Smoke school is a nickname for formal certification in the U.S. Environmental Protection Agency's method for determining the opacity of smoke and dust emissions. During the testing session, participants evaluate several sets of black and white smoke readings.

ADEQ conducts smoke school training twice a year (spring and fall) at locations around the state. Training sessions this fall are also scheduled in Show Low, Tempe and Kingman.

To register for a training session, please contact Fred Ellis at (602) 771-4851, toll free at (800) 234-5677.

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ADEQ Hosts "Smoke School" in Show Low

PHOENIX (Sept. 16, 2003) -- The Arizona Department of Environmental Quality will be sponsoring a free "smoke school" Sept. 17 and 18 in Show Low, Ariz.

The training will be held at the Northland Pioneer Community College, 1001 W. Deuce of Clubs, Ponderosa Center Symposium Room beginning at 8:30 a.m. The Sept. 17 session will consist of both classroom and field testing, while the Sept. 18 session will be field testing only.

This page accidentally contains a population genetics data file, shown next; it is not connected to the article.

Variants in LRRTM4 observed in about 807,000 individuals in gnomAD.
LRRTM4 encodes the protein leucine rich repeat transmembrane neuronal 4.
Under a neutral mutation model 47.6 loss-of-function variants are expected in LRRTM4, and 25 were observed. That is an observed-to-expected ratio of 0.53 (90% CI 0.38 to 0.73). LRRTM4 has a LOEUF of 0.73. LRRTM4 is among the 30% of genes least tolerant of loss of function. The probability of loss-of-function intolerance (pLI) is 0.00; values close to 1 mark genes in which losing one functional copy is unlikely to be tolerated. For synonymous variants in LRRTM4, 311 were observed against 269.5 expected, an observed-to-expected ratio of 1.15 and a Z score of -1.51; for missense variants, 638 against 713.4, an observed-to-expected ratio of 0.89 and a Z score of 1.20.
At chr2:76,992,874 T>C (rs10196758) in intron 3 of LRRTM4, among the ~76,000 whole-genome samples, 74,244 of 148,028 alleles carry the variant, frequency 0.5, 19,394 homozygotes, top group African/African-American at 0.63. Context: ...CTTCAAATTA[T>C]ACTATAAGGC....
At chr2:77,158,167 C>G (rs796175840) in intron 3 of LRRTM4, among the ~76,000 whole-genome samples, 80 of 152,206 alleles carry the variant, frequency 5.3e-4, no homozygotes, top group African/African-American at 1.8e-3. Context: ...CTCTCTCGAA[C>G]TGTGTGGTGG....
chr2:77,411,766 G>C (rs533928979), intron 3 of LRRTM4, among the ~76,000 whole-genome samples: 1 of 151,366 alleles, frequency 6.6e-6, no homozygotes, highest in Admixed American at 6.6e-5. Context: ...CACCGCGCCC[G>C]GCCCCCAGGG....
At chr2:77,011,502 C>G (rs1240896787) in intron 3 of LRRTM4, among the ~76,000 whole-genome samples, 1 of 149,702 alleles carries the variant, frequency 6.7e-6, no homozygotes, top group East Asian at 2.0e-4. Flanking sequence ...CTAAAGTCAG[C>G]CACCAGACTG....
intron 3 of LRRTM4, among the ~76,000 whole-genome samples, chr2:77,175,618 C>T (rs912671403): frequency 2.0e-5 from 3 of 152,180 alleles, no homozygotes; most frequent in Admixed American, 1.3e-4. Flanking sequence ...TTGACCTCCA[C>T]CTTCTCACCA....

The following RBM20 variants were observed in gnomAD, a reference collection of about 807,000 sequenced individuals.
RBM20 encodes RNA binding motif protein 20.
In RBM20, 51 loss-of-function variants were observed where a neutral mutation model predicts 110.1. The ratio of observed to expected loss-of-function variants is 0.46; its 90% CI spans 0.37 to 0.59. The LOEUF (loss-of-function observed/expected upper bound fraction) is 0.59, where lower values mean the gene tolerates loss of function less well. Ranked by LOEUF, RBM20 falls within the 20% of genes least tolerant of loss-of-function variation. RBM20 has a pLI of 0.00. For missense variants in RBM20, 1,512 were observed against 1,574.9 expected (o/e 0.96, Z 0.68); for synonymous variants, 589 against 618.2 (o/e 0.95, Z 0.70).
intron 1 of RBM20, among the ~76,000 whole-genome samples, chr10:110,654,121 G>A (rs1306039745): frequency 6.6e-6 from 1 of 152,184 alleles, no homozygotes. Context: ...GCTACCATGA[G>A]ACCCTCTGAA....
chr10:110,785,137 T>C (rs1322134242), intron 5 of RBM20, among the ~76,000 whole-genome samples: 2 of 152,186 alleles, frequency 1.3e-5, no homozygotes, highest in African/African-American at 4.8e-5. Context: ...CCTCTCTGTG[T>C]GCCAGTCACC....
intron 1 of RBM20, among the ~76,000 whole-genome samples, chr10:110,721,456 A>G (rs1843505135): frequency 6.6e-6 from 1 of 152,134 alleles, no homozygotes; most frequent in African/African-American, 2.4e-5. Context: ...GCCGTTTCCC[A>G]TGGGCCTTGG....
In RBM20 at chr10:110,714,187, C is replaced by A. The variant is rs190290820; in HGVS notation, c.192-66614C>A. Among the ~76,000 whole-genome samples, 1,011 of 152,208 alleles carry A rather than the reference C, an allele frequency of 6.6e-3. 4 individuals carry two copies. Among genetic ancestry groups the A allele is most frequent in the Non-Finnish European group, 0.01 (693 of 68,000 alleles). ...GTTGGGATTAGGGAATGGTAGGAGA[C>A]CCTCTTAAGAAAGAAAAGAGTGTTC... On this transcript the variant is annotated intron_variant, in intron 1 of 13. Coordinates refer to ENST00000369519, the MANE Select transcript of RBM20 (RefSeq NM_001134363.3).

Smoke school is a nickname for formal certification in the U.S. Environmental Protection Agency's method for determining the opacity of smoke and dust emissions. During the testing session, participants evaluate several sets of black and white smoke readings.

ADEQ conducts smoke school training twice a year (spring and fall) at locations around the state. Training sessions this fall are also scheduled in Tucson, Tempe, and Kingman.

To register for a training session, please contact Fred Ellis at (602) 771-4851, toll free in Arizona at (800) 234-5677.

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ADEQ Director Steve Owens Praises $3.97 Million NADBank Grant for Somerton

PHOENIX (Sept. 16, 2003) -- Arizona Department of Environmental Quality Director Steve Owens today praised a recent decision by the North American Development Bank to provide a $3.97 million grant to help finance replacement of Somerton's wastewater treatment facility.